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New Transitional Housing Site Opens In Coos Bay

Nancy Devereux Center

For years, the city of Coos Bay has offered scant resources for people experiencing homelessness. Now it hosts a transitional housing site for homeless people to stay while they get back on their feet.

Coalbank Village is named after a nearby body of water. It offers a cluster of 19 tiny shelters — built and designed by the Seattle-based company Pallet — where people can live while looking for long-term housing.

Laura Fitori is a case manager at Coalbank Village. Residents are required to meet with her weekly to help get them a secure income and safe situation.

“What we’re trying to accomplish is we want these individuals to overcome the barriers that are the cause of their homelessness," she said. "We want to get them into permanent stable housing.”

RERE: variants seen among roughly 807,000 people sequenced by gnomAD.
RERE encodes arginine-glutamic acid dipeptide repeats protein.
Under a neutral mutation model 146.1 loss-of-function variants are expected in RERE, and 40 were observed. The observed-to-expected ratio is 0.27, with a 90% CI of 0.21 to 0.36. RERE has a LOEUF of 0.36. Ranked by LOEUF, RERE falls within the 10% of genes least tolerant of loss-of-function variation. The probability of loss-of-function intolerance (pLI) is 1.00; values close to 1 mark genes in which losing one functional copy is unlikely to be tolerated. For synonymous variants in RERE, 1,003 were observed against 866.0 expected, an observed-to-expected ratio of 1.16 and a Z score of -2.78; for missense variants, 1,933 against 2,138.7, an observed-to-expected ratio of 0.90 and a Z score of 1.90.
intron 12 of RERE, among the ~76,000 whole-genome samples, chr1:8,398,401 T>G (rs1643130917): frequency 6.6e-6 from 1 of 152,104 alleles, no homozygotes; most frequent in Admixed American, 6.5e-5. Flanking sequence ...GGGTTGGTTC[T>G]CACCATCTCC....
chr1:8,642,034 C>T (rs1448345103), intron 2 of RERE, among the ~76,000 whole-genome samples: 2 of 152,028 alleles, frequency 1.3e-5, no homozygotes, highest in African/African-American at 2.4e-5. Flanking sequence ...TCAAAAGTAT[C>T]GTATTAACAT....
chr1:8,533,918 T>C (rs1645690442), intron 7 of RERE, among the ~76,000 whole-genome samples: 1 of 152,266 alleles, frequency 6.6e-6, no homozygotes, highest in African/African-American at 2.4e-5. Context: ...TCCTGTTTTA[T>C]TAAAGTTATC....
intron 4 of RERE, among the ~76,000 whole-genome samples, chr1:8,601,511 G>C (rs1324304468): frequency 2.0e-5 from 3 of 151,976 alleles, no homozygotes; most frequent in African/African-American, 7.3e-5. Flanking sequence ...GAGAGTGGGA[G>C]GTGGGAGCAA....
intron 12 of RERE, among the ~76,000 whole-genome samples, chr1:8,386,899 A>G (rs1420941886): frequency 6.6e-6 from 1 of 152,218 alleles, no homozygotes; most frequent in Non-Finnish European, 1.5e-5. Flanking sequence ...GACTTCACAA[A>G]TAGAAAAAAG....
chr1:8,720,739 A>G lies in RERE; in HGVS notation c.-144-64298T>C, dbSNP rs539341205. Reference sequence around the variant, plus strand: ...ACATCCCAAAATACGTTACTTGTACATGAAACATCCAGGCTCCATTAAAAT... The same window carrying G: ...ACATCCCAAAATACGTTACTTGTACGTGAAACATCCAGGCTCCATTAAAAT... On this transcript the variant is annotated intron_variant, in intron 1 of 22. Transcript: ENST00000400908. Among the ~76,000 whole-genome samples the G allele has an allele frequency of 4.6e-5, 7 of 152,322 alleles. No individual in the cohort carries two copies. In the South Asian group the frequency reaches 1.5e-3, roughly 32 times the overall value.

Each Pallet shelter has built-in cots, electricity and a locked door. They are each eight-by-eight feet and can house one person at a time.

Fitori says the goal is to get all Coalbank Village residents into secure housing between three to six months, and then will accept another round of applicants.

“There’s so many individuals out there who are truly struggling and have lost hope," Fitori says. "It’s devastating to the community and to the individuals.”

The Pallet shelters were donated by local nonprofit Oregon Coast Community Action. A handful of local organizations worked together to set up the site, and it was spearheaded by housing nonprofit Nancy Devereux Center.

Fitori says they are filling up the site slowly, but they’re already managing a long waitlist of applicants.